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Reeling in the Rules

If you're planning to fish in the scenic streams and lakes of New Brunswick, it's crucial to be well-versed in the New Brunswick fishing regulations. These rules ensure the sustainability of our waterways and the abundance of fish for years to come. Here's what you need to know about the New Brunswick fishing regulations for a lawful and enjoyable experience.

 

Embrace Fish NB Days 

New Brunswick fishing regulations offer a unique opportunity during the Fish NB Days on June 3-4, 2023, and February 17–19, 2024. On these special days, you're allowed to fish without a license across the province's abundant waterways. Although this provides a fantastic chance to enjoy fishing freely, the regulations stipulate that for certain species like landlocked salmon, a license with tags is still necessary for retention. For non-residents, these days are particularly welcoming as the regulations allow them to fish without the usual requirement of a guide. Yet, all must comply with the existing bag limits and restrictions to protect the fish populations.

 

Navigating Trout Season 

The trout season, as defined by New Brunswick fishing regulations, spans from May 1 to September 15 for rivers, brooks, and streams, and from May 15 to September 15 for lakes, ponds, and reservoirs. Adhering to the New Brunswick fishing regulations, anglers should observe the daily bag limit of 5 for species such as brook trout, arctic char, brown trout, and rainbow trout. Moreover, size matters in conservation efforts: brook trout must be over 10 cm, with arctic char required to be over 15 cm to maintain healthy fish populations.

 

 

Adhering to Atlantic Salmon Season 

The province's fishing regulations mandate specific seasons for Atlantic salmon, differentiated by the salmon type and the particular waterbody. In line with conservation efforts, there's a compulsory release for all Atlantic salmon catches, and anglers must cease fishing once the daily hook and release limit is reached. To minimize harm to the fish, New Brunswick fishing regulations require the use of barbless artificial flies when fishing for Atlantic salmon.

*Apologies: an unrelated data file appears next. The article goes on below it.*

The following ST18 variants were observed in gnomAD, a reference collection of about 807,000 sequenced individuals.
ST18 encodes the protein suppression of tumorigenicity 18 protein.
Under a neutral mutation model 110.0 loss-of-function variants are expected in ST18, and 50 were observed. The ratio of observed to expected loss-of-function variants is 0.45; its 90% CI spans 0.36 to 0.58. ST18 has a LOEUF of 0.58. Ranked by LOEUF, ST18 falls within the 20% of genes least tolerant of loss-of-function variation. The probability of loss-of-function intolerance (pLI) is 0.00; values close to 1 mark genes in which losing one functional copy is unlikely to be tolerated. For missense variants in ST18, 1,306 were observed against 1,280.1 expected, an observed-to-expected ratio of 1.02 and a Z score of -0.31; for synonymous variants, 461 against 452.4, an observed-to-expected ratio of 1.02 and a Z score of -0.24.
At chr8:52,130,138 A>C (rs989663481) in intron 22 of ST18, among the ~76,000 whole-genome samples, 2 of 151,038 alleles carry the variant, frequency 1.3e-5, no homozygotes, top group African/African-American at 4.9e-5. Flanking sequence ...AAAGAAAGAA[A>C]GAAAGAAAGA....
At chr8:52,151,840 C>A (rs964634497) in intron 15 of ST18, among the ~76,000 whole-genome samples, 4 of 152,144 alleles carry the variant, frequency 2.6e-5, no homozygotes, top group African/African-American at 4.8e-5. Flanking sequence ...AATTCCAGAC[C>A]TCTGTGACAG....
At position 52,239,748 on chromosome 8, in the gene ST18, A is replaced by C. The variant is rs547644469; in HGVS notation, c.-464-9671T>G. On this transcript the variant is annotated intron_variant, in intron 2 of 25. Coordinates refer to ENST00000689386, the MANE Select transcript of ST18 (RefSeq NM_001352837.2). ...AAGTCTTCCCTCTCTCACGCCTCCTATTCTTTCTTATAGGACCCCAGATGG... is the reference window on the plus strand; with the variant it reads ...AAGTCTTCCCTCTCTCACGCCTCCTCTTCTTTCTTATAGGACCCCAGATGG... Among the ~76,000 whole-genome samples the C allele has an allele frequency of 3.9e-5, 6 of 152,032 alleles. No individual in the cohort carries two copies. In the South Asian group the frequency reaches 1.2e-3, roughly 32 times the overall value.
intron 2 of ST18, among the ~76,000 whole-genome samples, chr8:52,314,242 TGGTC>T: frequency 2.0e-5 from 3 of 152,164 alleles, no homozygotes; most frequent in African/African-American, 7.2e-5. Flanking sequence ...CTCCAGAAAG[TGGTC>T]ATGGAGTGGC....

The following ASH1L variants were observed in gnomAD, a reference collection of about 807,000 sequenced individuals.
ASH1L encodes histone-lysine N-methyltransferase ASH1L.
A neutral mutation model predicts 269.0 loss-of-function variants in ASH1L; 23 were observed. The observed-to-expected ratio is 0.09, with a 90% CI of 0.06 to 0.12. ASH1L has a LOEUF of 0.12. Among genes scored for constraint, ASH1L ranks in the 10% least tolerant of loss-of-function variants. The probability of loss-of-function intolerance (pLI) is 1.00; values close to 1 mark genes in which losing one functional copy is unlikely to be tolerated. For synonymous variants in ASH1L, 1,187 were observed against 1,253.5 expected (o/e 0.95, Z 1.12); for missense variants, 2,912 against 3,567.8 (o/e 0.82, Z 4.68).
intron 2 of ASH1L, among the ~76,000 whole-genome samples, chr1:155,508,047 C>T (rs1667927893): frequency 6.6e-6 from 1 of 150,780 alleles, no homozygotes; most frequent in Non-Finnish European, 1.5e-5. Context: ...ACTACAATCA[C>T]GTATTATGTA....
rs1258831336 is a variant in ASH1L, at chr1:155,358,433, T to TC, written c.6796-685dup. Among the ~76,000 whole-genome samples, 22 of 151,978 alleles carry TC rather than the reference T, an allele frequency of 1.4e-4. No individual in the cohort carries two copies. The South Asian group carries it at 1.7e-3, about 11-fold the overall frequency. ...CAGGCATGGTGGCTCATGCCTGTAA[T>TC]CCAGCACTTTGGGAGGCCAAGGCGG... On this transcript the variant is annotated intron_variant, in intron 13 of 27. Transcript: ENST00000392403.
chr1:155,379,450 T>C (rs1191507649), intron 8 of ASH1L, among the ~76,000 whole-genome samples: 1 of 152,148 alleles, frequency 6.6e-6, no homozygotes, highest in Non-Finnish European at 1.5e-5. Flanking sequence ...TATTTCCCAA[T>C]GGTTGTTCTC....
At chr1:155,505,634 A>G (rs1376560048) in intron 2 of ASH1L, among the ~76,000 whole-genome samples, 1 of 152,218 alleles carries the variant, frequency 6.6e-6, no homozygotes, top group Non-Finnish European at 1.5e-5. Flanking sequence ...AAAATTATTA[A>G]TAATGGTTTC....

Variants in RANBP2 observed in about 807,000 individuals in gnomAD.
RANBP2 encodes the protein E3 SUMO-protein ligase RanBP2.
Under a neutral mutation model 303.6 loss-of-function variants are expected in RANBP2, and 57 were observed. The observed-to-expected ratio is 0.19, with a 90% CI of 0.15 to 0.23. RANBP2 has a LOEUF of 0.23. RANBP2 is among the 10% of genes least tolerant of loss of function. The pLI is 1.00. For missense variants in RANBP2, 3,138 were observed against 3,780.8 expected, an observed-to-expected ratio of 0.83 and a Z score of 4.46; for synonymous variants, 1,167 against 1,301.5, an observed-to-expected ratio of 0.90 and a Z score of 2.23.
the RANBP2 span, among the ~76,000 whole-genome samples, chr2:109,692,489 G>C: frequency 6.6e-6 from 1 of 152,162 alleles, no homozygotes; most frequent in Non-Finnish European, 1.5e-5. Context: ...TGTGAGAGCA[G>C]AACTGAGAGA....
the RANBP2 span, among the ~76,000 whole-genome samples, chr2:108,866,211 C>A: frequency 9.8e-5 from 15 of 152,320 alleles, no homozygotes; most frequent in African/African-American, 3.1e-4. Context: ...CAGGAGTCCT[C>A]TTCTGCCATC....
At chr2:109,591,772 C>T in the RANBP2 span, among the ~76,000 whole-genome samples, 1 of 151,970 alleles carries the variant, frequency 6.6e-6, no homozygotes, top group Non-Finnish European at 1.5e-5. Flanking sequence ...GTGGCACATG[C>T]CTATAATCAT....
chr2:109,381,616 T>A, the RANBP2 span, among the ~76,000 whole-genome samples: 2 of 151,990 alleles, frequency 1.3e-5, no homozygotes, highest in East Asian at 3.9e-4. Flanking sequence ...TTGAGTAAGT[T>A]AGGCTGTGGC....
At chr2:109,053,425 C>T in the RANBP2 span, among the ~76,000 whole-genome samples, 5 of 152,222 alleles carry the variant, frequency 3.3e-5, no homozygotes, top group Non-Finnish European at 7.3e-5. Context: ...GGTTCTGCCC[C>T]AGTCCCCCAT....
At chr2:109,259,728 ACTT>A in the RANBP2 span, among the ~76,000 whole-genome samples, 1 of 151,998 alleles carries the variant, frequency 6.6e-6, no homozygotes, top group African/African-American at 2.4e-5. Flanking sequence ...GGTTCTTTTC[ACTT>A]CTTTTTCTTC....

Understanding Non-Sport Fish Rules

Non-sport fish species are governed by their own set of fishing regulations. Species such as burbot, eel, gaspereau, rainbow smelt, shad, striped bass, whitefish, white perch, and yellow perch have specific season dates, bag and possession limits, and size limits. For instance, burbot can be fished from January 1 to December 30, with a daily bag limit of 10, and a minimum size set at 10 cm. These New Brunswick fishing regulations are instrumental in preventing overfishing and ensuring a sustainable ecosystem.

 

Special Regulations and Tagging Programs

Certain waterbodies are subject to special fishing regulations, including restrictions to fly fishing with a barbless artificial fly. Additional regulations may include no fishing for striped bass during specific hours. These rules are vital for the preservation of fish habitats and populations. The New Brunswick fishing regulations also involve tagging programs for Atlantic salmon and striped bass, which help scientists study fish behavior and population dynamics. Anglers are encouraged to report tagged fish, contributing to the conservation efforts and management of these species.

 

For anglers seeking more comprehensive information, New Brunswick provides additional resources and web maps through the Department of Fisheries and Oceans Canada, ensuring everyone is up-to-date with the New Brunswick fishing regulations.